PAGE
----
MY INDIVIDUAL CASE STUDY: I started the blood type diet, not to lose weight… my weight was already dropping from me via an eating disorder called… “I don’t feel like eating get that food away from me.” Or more commonly referred to as PTSD. I had to go about the task of finding a “DIETary” lifestyle that allowed me to eat without wanting to vomit or the smell of food that would would make me nauseated. I actually selected the blood-type diet because of the foods, which made food preparation easier with more raw foods and vegetables.
The first meal of the day is still difficult for me… and if I don’t have reminders, I will usually forget to eat all day long and around supper time say… humm… I haven’t eaten anything all day. As far as my health. At the start, I was in the middle of a cardiac intervention… pulmonary intervention… and anemia that followed me my entire life… no matter what treatment was tried. In 2009/2010, my carotid and femoral arteries had significant plaque. I had a leaky heart valve. I had an aFib issue and was told I would be on heart medication the rest of my life. I had peptic ulcers, edema of the transverse colon… I can’t remember what I have forgotten to list I was at the door of death and passed through it when as a man, I waited beyond the point of no return before I went to the ER… where I coded on Oct 17, 2009 when two of four heart chambers were crushed by fluid. I was conscious and watched the flatline that lasted about 15 seconds. This all came to a head after eating SUSHI… where I got a food borne bacteria… not e.coli, or any other type of food poisoning… In fact, after a two week hospitalization it was another three weeks before they were able to determine what had made me accumulate fluids. Three liters in the right lung (pleural effusion) and 550cc’s in my pericardia (pericardial effusion).
Draining the lung was simple enough and I was amused when the fluid was coming out of the tube inserted between a few ribs in my back… saying… “wow, all that is coming out of me?”… The pericardiocentesis (spelling) was a bit more complicated. I had no blood pressure when laying flat so they could not sedate me for the procedure to insert the chest tube to drain my pericardia… so… I had to man up and take the needle and tube going snap crackle pop through my chest wall and into the pericardia and wrapped around the heart with NO SEDATION… I suppose the training I received as a child getting dental care done all the way to exposed nerves with no Novocain (as a form of punishment) was helpful. It was NOT comfortable and was made tolerable by watching the ultra-sound guided tour of the needle and tube in my chest. Remarkably… the initial insertion of the needle was surprisingly painless, but for the look on the cardiologist’s face as he was trying to shove the needle into my chest and asking the ultra sound tech… “Is that the right ventricle?.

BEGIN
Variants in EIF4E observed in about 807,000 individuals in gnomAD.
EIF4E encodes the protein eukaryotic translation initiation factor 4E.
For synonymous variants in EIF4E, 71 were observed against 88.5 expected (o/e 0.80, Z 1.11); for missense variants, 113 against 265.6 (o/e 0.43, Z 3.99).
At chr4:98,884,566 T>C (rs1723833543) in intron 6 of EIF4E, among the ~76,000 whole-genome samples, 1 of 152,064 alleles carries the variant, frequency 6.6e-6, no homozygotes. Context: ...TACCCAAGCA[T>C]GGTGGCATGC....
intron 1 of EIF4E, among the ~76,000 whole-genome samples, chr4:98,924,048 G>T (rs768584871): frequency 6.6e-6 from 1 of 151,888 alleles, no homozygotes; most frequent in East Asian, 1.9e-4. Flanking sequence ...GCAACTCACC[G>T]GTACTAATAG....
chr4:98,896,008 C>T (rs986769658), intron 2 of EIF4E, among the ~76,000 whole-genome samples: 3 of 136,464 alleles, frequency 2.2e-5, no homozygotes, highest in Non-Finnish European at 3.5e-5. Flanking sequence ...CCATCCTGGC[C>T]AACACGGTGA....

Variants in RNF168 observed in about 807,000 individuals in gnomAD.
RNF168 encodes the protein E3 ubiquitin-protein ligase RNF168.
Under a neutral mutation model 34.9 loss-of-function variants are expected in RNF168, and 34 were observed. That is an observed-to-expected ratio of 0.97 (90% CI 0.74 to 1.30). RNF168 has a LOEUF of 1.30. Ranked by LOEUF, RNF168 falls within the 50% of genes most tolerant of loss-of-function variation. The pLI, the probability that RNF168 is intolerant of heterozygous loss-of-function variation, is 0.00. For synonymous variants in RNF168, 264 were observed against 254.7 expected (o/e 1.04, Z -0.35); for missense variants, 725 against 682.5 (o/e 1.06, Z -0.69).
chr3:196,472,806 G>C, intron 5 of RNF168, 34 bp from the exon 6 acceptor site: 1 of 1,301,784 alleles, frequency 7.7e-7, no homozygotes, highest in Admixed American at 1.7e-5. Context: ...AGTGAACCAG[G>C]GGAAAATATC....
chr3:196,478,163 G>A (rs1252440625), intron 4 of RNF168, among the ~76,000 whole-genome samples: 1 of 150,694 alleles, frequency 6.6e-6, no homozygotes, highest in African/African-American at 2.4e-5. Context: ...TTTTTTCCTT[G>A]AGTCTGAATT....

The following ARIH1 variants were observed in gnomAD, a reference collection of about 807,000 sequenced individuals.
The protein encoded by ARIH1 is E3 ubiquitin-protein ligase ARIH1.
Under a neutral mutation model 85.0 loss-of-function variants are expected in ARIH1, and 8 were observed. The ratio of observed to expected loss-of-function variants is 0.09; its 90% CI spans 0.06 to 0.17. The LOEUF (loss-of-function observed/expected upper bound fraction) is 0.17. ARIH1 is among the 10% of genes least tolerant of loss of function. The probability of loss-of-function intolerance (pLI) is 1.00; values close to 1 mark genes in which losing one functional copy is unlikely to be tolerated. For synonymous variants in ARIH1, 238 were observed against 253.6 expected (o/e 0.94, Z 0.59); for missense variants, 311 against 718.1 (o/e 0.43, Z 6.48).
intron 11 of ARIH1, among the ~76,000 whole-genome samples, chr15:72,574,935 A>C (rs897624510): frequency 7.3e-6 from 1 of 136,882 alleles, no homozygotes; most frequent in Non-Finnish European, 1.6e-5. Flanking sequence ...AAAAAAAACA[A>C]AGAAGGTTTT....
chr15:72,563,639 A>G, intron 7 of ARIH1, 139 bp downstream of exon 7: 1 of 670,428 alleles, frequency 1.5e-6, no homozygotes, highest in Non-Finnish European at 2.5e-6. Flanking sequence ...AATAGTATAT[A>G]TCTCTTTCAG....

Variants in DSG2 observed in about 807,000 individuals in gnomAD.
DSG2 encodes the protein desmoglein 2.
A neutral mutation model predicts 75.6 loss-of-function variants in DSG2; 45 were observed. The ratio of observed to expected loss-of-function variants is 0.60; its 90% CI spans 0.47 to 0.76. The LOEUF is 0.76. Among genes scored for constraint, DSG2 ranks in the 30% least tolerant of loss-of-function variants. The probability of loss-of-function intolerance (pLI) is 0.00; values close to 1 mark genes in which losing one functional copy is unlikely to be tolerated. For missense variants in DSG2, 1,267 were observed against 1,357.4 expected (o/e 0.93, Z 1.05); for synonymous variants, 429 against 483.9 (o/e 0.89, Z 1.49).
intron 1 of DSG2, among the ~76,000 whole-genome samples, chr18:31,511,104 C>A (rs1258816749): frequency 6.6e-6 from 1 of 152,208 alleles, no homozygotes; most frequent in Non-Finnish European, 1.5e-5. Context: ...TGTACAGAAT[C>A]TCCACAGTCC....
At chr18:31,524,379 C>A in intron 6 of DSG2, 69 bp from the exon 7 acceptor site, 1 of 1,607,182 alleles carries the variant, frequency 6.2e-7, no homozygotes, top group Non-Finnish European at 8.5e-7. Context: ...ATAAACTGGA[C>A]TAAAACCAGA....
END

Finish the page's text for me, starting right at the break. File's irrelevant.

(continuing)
I was the walking dead getting five different antibiotics (IV) and was walking around with a fifty foot oxygen hose and a pole with seven infusers on it. They didn’t know what they were treating so they treated everything. At this time I normally had high blood pressure (but not during the intervention). Total cholesterol almost 300. Triglycerides over 400. Low RBC (<4.1), low WBC(<3.8), low hemoglobin(<12.9), low platelets (<135), high MCV (>106) causing macrocytosis (spelling). A wild range of glucose (fasting). Along came the choice of the blood-type diet.